Tonight's culinary inspiration was pragmatic rather than flavor-driven. We had ham and leftover rice in the fridge, plus a butternut squash - burritos it is. Add a can of tomatoes, a can of green chiles, and a packet of taco seasoning.
The taco packet is where I have to really reassure myself that it's okay to just make practical weeknight dinners (and lunches!) sometimes.
I got to try natto for the first time today! and OMG I almost hurled.
It reminds me of the way red elderberries remind me of vomit, but with red elderberries that's kind of a faint background, here it was foregrounded, strong and insistent. Underneath that I could kind of taste a nice rich umami thing but my hind brain was too busy yelling STOP EATING THIS POISON to appreciate it.
I just fell into a little Wikipedia hole wondering how I could hydrogenate my own oils for shortening.
You need a source of hydrogen, a pressure vessel, and a catalyst. Hydrogen is easy to make from water, I have a whipped cream maker to use as the pressure vessel, and I could either sacrifice a platinum family heirloom ring or steal the catalytic converter from a neighbor's car. But I don't have a compressor for the H2.
Report back on palm-oil-free vegan pie crust: I made some using the shortening recipe here: http://www.veganbaking.net/recipes/fats/vegan-shortenings/how-to-make-vegan-shortening
And the fat was still not pliable enough to roll out quite right at my usual kitchen temperature. It was okay, better than straight coconut oil for sure, but nowhere near the flaky goodness of hydrogenated palm oil.
So it's probably time to give in and look at sustainable palm oil products.
Not sure how much the gritty texture of these gluten-free cricket flour brownies is the gluten-free, and how much is the cricket flour.
Wednesday is National Pie Day! I think this year's experimental pie might be a vinegar pie: https://medium.com/@VickiHudson/vinegar-pie-b5bb808b5ad3
I have some homemade plum wine vinegar, that with raisins? Or should I use the barrel-aged cider vinegar?
I didn't do as much exploring the local ethnic groceries as I'd wanted. I did hit up an Indian grocer for this month's beans, which are fine beans but not likely to end up in regular rotation, and an Ethiopian one which didn't have anything that different (cheap favas tho).
I could make "try a new ethnic indie grocer every month" a 2019 resolution? Seems like a lot of potential transportation logistics, though, and eh, I'm not quite feeling it.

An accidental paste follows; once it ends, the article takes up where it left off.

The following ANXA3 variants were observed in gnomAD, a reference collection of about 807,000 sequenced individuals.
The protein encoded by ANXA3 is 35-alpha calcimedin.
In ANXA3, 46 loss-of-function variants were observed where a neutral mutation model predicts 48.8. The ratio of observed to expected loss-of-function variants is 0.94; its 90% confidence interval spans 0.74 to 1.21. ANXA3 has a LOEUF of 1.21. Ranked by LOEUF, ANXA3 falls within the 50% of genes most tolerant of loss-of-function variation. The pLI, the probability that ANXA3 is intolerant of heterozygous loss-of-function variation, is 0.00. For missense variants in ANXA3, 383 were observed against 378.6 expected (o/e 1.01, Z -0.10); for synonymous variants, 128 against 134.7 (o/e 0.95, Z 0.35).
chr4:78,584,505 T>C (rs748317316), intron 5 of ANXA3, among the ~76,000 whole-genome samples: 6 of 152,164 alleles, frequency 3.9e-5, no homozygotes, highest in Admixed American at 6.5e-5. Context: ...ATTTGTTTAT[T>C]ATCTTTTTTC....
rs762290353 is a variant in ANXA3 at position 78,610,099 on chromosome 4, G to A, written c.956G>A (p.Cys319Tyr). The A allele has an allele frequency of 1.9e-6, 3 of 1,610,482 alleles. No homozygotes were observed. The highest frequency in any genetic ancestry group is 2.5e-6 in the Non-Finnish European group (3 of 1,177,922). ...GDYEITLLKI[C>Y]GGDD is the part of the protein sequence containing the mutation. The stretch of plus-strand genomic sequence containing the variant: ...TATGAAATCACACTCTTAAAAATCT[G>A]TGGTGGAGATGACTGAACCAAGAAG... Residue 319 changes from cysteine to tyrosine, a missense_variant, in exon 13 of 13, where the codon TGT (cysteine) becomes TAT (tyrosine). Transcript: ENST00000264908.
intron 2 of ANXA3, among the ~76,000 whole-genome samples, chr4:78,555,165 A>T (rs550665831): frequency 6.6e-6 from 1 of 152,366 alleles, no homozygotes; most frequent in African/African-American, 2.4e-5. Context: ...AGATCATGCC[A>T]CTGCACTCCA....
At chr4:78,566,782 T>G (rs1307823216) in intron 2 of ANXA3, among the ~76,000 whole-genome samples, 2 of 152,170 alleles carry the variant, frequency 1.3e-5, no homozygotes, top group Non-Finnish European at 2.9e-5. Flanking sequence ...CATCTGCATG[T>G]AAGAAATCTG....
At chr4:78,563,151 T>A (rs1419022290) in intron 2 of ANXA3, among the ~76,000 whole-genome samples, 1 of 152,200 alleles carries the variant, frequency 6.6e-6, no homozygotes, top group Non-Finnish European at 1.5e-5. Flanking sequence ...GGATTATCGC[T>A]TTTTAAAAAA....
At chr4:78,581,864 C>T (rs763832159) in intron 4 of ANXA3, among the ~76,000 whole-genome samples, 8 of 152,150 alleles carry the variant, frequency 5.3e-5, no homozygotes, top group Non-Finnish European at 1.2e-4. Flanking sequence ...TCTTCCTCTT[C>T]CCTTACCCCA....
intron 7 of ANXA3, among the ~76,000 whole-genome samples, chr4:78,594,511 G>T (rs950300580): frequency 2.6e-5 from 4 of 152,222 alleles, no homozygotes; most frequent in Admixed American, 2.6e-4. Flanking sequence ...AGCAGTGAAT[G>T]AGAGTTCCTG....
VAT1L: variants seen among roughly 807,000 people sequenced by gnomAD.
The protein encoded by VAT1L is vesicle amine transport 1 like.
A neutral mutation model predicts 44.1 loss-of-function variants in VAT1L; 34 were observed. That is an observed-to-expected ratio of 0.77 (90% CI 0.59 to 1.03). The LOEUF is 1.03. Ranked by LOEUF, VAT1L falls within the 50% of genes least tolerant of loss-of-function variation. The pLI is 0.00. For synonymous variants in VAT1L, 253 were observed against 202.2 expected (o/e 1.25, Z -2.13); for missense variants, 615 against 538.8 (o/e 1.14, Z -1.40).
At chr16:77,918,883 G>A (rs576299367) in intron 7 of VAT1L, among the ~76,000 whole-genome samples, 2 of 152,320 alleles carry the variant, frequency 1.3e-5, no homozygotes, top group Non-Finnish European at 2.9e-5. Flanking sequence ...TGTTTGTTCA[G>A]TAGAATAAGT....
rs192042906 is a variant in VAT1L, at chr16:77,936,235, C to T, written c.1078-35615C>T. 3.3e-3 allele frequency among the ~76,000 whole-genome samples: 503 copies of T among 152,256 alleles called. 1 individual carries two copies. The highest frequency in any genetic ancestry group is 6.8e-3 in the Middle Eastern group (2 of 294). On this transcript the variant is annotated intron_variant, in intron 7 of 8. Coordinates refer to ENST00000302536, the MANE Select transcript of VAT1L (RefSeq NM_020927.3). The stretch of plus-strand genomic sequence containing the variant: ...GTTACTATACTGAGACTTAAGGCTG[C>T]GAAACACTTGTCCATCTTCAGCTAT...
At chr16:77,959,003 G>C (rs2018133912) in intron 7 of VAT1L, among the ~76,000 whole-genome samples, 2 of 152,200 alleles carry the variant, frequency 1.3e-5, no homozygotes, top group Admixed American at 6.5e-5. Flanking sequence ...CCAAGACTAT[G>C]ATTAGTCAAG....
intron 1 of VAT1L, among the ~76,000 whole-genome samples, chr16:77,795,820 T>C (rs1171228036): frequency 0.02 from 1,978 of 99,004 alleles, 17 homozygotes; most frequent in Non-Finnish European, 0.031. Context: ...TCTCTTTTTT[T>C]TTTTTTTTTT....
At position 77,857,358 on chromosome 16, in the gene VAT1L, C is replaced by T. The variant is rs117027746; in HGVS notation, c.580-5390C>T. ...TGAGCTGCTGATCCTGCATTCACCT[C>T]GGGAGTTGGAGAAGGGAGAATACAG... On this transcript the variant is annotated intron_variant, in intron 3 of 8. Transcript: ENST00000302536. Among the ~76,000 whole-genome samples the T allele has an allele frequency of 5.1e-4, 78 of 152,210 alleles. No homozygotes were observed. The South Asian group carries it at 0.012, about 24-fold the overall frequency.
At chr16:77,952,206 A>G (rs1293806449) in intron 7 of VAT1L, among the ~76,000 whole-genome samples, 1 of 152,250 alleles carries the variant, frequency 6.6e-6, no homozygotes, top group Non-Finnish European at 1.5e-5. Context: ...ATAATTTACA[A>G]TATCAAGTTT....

My new year's resolution for 2018 was to try a new kind of bean every month. And I just finished some soup made with urad & moth beans, so I'm a New Year's winner!
I splurged on a bunch of fancy heirloom beans from Rancho Gordo for this, and most of my new favorites were from there - the Yellow Indian Woman, ayocotes (all 3 colors), and scarlet runner beans. Also on the new favorites list, but not from Rancho Gordo: Crowder peas.
I made this with mountain ash berries from my yard: https://foragerchef.com/wild-rice-with-rowan-berries-crab-apples-and-bacon/
With wild food I can never tell if I have a more bitter variety of tree in my yard, or if it's supposed to taste that way and the recipe writer likes bitter food more than I do, or what. My berries were bitter, 2 months in sugar syrup didn't do much to mellow them out. The richness of the pork belly balanced em pretty well, though - in the end, the bigger flaw was that I overdid the tarragon.
Christmas dinner! The squab was so good omg, I will never look at pigeons the same way ever again.
Drink was a sage betony lavender braggot that a friend gave me in exchange for an unwanted kitchen gadget. The herbs were a lot more subtle than the lactic acid, which was not subtle at all - but after a few mouthfuls of fatty dinner that was perfect.
The wild rice was... worth a toot of its own.
I have 3 squab defrosting in my fridge for Christmas dinner. I've never cooked squab before, does anyone have advice?
Left to my own devices I'll follow Hank Shaw's instructions here: https://honest-food.net/roast-pigeon-recipe/
My hematocrit was too low to donate blood today, so I bought some bison steaks for dinner! Pan-fried them in niter qibe, topped with onions and some rehydrated Leccinum scabrum gravy with garlic, ginger, and a pinch of berbere.
Sorry no pix, I'm a lousy photographer anyway. And the important part here is that my house smells like niter qibe now. A+ do recommend.
I like to grow food, and harvest food from the wild.
Toots may contain un-CW'd meat & booze.
All about food, recipes, and cooking.